Of 1478 patients, 40% reported disabilities, cognition being the most prevalent (29%).
In addition, among patients reporting a disability, 45% reported receiving disability benefits and 46% were unemployed.
Patients with more than one disability were more likely to be female and to have been born to black mothers. They were also more likely to have severe coronary artery disease and non-cardiac birth defects.
In general, adults with coronary artery disease and impaired cognitive ability, mobility and self-care had an altered quality of life related to mental health. (HRQOL), while those with any type of disability had an impaired physical HRQOL.
“To our knowledge, this analysis is the first to show an association between disability and non-Hispanic black maternal race and ethnicity in adults with coronary artery disease,” wrote the lead author. Karrie F. Tear down, MPH, with the National Center on Birth Defects and Developmental Disorders in the Centers for Disease Control and Prevention, and colleagues. “In our analysis, people with disabilities had a worse HRLO compared to the general population of the United States, while people without disabilities had a better quality of life. Physical and mental HRQ.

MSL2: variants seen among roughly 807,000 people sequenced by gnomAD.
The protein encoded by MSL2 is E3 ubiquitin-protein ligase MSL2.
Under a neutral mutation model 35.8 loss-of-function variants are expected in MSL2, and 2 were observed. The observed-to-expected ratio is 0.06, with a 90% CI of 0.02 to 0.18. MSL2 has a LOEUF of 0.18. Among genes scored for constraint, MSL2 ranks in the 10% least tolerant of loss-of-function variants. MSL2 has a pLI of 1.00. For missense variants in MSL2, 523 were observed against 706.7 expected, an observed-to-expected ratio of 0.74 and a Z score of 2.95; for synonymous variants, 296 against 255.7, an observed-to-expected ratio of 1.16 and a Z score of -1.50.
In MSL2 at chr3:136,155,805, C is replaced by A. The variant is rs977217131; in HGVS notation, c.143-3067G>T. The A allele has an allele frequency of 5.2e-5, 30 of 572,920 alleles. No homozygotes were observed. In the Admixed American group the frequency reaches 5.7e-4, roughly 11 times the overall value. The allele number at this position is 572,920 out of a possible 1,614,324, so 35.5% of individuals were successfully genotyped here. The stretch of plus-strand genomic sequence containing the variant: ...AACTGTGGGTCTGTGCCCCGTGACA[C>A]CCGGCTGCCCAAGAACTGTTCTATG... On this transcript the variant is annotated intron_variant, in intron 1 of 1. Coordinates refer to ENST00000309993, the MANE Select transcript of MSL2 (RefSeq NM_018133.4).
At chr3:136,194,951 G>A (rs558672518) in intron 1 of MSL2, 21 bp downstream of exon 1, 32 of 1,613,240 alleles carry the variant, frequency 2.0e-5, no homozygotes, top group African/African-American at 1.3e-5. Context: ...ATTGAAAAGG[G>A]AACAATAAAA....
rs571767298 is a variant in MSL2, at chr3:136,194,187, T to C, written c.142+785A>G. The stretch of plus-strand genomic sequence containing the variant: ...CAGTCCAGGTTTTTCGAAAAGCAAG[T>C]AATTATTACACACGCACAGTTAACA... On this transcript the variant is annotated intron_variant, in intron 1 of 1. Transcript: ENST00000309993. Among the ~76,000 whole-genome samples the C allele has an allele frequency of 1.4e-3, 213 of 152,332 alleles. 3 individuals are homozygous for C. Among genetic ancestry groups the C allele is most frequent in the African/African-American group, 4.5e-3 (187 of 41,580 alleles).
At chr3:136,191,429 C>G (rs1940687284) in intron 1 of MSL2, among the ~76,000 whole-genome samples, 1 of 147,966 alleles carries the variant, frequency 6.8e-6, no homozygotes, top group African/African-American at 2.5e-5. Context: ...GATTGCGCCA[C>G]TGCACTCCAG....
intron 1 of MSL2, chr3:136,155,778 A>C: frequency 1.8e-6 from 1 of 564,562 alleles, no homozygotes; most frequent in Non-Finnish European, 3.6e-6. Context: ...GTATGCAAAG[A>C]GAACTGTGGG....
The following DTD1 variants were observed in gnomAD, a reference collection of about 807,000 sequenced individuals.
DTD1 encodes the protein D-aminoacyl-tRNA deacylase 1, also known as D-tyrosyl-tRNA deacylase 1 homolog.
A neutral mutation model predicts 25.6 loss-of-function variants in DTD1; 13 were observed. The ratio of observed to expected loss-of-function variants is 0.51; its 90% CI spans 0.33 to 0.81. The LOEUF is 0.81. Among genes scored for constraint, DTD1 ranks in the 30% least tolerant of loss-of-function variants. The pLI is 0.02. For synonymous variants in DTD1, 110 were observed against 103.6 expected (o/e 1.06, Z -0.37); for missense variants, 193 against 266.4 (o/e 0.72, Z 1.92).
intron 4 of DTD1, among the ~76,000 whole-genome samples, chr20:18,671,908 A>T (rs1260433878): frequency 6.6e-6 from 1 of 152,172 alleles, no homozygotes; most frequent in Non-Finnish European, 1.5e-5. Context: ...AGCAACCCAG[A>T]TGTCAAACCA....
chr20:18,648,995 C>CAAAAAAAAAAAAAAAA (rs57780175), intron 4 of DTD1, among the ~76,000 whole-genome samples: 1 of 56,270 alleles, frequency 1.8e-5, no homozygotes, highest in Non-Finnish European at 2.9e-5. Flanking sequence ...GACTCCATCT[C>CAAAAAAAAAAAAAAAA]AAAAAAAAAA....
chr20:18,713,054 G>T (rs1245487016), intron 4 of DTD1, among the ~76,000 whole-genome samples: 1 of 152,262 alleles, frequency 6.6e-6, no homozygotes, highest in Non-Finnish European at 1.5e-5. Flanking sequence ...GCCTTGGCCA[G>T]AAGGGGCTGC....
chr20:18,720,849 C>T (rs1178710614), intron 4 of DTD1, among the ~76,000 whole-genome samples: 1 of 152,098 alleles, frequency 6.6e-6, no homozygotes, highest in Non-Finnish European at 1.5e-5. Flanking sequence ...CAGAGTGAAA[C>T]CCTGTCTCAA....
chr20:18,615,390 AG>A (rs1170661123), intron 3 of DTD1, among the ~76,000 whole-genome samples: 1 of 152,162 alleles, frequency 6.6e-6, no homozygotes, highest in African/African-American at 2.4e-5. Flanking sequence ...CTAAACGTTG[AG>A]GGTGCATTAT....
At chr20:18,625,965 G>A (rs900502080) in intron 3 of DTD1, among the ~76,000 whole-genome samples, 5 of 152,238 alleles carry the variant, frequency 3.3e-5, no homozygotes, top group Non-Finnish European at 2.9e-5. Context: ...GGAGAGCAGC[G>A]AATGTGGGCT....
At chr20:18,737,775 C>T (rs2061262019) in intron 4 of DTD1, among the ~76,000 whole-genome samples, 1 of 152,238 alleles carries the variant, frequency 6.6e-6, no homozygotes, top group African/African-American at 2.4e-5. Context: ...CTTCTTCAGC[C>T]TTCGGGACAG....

Downing et al. also noted that policymakers can do a lot to improve care for these people.
âImplementing policies and practices to recognize and support people with disabilities within the broader CHD community can lead to better connection and better use of resources and, ultimately, improved health and wellness, âthey wrote.
Read the full study here.